The Face of Jesus was also for St. John Paul II the source of his vocation and mission and the strength to bring these to completion in the absolute fidelity of his whole life: in the two long dialogues that I had with him during the exercises of 2004, the Pope recounted to me - among many other beautiful things - a phrase, which in my opinion shows in a tangible way the mystical union that He lived with Christ. Speaking of the challenges faced in serving the Church and bringing to the world the good news of salvation that does not disappoint, John Paul II paused for a moment, and then added with a particularly expressive face, as if marked by memories, these words: "The Pope must suffer". He emphasized that "must" with a particular intensity, which instinctively reminded me of Jesus' phrase addressed to the disciples of Emmaus: "O foolish men and slow of heart to believe in all that the prophets have spoken! Didn't Christ have to undergo this suffering in order to enter into his glory?" (Lk 24:25-26). It is the law of love, the need to pay with one’s life the price of the gift of self for the sake of others, summed up, for example, in the words of Paul and Barnabas, reported by the Acts of the Apostles: "After preaching the gospel in that city and making a considerable number of disciples, they returned to Lystra, Iconium, and Antioch, strengthening the souls of the disciples and urging them to remain steadfast in the faith because, they said, it is necessary to go through many tribulations to enter the kingdom of God." (Acts 14:21-22) As with the Apostle, so for St. John Paul II, the strength to endure so many trials can only come from the Lord Jesus, from His Face radiating light, love, and courage: "I can do all things in Him who strengthens me" (Phil. 4:13).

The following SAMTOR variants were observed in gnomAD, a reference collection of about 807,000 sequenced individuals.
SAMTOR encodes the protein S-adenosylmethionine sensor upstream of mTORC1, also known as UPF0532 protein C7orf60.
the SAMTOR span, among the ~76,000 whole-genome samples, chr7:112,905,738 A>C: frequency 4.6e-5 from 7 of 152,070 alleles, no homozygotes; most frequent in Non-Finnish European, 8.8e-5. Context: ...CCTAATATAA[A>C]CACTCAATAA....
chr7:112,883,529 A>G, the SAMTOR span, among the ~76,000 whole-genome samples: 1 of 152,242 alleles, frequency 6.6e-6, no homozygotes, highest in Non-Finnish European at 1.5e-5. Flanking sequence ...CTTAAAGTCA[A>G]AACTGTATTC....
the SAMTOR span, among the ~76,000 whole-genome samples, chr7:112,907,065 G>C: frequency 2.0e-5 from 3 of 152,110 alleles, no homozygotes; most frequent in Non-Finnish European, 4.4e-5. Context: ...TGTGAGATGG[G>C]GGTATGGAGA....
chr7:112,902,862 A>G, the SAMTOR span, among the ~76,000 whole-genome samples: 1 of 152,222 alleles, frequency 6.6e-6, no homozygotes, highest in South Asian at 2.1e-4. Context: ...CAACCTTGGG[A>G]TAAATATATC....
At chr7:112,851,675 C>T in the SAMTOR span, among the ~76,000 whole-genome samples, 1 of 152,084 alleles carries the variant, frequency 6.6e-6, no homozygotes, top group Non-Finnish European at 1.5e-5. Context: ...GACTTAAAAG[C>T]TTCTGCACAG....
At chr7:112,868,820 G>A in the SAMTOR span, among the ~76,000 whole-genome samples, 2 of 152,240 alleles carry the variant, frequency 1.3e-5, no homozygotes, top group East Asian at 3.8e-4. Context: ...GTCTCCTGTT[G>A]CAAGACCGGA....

It is also the holy Pope himself who reveals to us this mystical secret of his life: he does so, certainly, with the discretion and modesty of those who speak of the unspeakable, but also with the conviction of those who have had a true and profound experience of loving and dialoguing knowledge and contemplation of the Face of the Lord. In a prayer recited during his pastoral visit to the Archdiocese of Lucca (September 23-24, 1989), a city where a wooden crucifix revered as the Holy Face (Volto Santo) of Christ is preserved, St. John Paul II pronounced words which reveal profound depths of faith and mystical union, and which we can address with humility and love to the Holy Face imprinted on the sudarium, venerated in this place: "Lord Jesus, crucified and risen, image of the glory of the Father, Holy Face who looks at us and scrutinizes us, merciful and meek, to call us to conversion and invite us to the fullness of love, we adore you and we thank you. In your luminous Face, we learn how we are loved and how we are to love; where freedom and reconciliation are found; how to become builders of the peace that radiates from you and leads to you. In your glorified Face we learn to overcome all forms of selfishness, to hope against all hope, to choose the works of life against the actions of death. Give us the grace to place you at the center of our lives; to remain faithful, amidst the perils and changes of the world, to our Christian vocation; to announce to the peoples the power of the Cross and the Word that saves; to be alert and hard working, attentive to the least of the brethren; to grasp the signs of true liberation, which has begun and will be fulfilled in you. Lord, grant your Church to stand, like the Virgin Mother, at your glorious Cross and at the crosses of all men to bring consolation, hope, and comfort to them. May the Spirit you have given us bring to maturity your work of salvation, so that all creatures, freed from the constraints of death, may contemplate in the glory of the Father your Holy Face, which luminously shines for ever and ever. Amen.